He added: “I live in Europe in the mountains with the birds and trees and spring flowers. Miles Davis once said that he didn’t like going on the road because it interfered with his practising. I also have an 800 hectare farm in the Kalahari, which has become a training incentive for musicians.”

He keeps active with a number of projects. He has created what he terms “an alternative concept to a trio”, which features a piano, woodwinds and cello. A recording has been made and will be released soon. The idea behind this is to expand and integrate Ekaya’s compositional skills.

African Songbook, another of Ibrahim’s works, is a collection of original compositions for piano and has just been released by Schott Music of Germany, one of the oldest music publishing companies in Europe. It serviced classical composers such as Bach and Beethoven, and Ibrahim considers that they are in good company.

“The idea,” he said, “was to create those original songs, most of which were improvised, and have them transcribed into a songbook for pianists. This particular book is for advanced studies. But we are looking at the idea of doing simplified versions for beginners.”

Ibrahim spoke about his orchestral works, of which he has done several in the past with the German Film Orchestra Babelsberg.

One work is titled African Suite for strings and a rhythm section. It was recorded a few years ago by the European Union Youth Orchestra. The new piece is titled African Symphony: The Journey, in which he collaborated with the late pianist and composer Steve Gray, who arranged it for full a philharmonic orchestra.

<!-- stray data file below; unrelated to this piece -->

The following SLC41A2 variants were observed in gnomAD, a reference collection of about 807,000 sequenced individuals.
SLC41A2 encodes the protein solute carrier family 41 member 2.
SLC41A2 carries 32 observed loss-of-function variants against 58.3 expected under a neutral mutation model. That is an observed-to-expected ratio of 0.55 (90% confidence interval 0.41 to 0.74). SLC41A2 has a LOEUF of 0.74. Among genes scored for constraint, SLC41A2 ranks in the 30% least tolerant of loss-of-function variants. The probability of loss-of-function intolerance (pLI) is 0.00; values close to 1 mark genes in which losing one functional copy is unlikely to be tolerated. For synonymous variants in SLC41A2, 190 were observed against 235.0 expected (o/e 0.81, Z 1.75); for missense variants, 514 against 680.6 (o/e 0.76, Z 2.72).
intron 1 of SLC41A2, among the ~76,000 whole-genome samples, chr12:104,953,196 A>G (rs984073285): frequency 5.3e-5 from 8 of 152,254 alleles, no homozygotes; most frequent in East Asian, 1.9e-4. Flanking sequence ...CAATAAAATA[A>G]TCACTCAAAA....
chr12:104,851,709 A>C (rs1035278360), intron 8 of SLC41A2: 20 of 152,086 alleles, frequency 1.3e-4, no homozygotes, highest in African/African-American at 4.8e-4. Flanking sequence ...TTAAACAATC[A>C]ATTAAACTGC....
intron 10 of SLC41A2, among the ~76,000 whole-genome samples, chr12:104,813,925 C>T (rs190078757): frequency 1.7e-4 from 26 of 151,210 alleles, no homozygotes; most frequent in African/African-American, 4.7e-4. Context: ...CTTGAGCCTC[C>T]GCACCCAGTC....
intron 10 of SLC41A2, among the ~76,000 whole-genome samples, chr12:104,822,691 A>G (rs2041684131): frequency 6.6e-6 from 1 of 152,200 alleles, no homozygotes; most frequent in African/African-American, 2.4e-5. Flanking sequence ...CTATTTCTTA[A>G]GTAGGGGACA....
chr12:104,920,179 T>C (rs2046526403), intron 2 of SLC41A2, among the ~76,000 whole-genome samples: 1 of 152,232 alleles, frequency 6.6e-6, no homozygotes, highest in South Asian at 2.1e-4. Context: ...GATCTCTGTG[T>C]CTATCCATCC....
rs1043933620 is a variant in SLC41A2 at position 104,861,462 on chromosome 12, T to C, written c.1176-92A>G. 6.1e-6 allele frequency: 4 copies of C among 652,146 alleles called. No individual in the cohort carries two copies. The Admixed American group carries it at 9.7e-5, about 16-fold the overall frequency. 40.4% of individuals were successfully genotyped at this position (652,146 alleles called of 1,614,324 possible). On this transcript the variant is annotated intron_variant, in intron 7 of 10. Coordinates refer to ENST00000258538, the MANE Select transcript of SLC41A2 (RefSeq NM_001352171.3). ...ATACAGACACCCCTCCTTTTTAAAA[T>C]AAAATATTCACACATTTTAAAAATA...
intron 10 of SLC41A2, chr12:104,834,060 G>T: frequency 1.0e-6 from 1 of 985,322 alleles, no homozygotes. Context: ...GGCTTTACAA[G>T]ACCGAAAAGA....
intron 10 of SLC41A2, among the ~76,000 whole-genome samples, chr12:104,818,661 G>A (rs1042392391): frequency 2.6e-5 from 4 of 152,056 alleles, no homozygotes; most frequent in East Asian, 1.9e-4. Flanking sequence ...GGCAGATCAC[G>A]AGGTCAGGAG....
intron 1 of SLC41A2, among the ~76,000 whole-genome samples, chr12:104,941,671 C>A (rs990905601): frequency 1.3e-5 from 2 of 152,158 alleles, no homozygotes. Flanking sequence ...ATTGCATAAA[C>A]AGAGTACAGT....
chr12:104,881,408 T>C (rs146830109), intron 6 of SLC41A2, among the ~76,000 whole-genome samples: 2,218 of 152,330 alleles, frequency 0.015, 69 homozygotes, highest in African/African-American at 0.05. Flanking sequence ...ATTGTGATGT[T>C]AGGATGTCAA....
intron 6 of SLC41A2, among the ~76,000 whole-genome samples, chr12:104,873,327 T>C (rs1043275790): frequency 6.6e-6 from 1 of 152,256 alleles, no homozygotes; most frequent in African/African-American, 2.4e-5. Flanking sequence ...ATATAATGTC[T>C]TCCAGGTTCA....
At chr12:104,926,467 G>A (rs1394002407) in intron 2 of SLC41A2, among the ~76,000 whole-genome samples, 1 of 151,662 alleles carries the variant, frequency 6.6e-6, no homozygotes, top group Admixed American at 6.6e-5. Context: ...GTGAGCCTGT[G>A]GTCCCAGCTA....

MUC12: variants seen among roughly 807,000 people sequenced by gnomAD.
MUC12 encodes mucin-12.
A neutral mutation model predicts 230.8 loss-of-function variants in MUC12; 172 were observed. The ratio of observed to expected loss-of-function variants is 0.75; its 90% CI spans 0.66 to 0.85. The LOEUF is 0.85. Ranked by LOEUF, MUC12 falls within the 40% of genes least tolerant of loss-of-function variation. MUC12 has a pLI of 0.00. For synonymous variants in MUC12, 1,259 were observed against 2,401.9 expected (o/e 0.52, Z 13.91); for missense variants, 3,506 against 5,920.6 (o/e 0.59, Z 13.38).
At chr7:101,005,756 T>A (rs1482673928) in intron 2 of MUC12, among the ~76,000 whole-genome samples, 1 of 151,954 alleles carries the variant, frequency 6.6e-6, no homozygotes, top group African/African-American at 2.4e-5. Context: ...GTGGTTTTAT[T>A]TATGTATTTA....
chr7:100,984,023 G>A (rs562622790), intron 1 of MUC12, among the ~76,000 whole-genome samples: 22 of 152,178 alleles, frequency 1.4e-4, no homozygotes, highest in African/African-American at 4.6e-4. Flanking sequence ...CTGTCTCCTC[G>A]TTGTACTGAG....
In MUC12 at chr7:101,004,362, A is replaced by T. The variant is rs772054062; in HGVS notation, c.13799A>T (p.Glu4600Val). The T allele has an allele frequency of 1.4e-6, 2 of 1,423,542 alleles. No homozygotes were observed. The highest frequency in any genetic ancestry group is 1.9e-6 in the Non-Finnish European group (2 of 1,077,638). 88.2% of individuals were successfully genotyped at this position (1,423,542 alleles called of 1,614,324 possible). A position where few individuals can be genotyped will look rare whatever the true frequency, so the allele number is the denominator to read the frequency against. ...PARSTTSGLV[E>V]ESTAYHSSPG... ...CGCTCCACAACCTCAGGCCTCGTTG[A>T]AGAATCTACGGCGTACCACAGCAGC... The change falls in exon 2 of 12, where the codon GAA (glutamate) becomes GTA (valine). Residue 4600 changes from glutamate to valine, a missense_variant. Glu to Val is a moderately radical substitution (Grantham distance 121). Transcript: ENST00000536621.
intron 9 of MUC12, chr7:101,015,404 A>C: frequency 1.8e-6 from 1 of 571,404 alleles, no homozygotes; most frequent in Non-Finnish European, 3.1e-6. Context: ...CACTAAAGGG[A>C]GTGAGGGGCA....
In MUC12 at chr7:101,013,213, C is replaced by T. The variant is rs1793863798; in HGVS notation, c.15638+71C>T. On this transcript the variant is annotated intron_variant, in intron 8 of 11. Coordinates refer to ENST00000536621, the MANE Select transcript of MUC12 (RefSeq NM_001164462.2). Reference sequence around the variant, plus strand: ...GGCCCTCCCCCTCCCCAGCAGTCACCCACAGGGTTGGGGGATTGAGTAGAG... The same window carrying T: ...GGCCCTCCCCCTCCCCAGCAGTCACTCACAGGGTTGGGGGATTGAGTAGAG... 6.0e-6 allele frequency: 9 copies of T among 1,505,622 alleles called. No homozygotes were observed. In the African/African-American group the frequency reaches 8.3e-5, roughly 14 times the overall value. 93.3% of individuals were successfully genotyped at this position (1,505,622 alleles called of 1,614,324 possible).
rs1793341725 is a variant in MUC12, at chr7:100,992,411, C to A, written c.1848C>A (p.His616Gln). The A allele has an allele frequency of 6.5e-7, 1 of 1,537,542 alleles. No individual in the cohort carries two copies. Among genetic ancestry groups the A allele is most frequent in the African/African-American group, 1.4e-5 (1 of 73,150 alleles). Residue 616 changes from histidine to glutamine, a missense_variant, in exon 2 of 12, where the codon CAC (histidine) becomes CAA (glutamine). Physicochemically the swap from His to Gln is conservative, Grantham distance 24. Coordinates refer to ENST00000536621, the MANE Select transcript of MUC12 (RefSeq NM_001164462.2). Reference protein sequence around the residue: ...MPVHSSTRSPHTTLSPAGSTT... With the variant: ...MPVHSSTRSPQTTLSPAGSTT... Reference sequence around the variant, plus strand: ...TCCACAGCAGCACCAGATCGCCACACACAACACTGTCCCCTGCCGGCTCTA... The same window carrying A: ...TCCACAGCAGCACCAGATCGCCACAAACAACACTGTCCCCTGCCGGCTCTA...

“He (Gray) actually came to Cape Town on his own to see where I lived so he could better resonate with the music,” he said. “We did this in concert last year in Babelsberg,?Germany, with the Babelsberg Philharmonic Film Orchestra, in the city which is Germany’s answer to Hollywood. Now we’re thinking of bringing this project to South Africa.”

Another project is the one initiated by Dr Pallo Jordan when he became South Africa’s minister of arts and culture.

The project was meant to integrate and help young South African musicians not just in performance, but also in arranging and composing, and to take it to far-flung corners of the nation to help develop talent.

They did a similar programme some years ago in the Cape, which attracted 40?000 young people.

“We couldn’t follow up because we didn’t have any infrastructure, had limited funding and most importantly no pool of teachers. So what we are going to do is bring Ekaya from New York, augment this with South African musicians, and do a project next year.”

The idea is to have musicians from New York integrate with South Africans so that there is a performance-skills project.

Asked what advice he would give young musicians, he said: “When I was in high school, my teacher gave me something which has been a guiding light in my life. When you write about anything, write about the thing that you know best.

“The things that I know best are the South African people, the events and places. This is what we want to instil in young musicians. First, you have to find your own voice and then tell your story.”

Ibrahim thinks South African audiences constitute the best jazz audience in the world and are appreciative of the music.

Now fans will get a chance to again hear Ibrahim, a superb musician and humanitarian whose album releases have almost reached the half-century mark. A true son of the soil.

»?Feldman is a freelance writer and a publicist

»?Ibrahim performs on the Dinaledi Stage on August 22 with his Ekaya group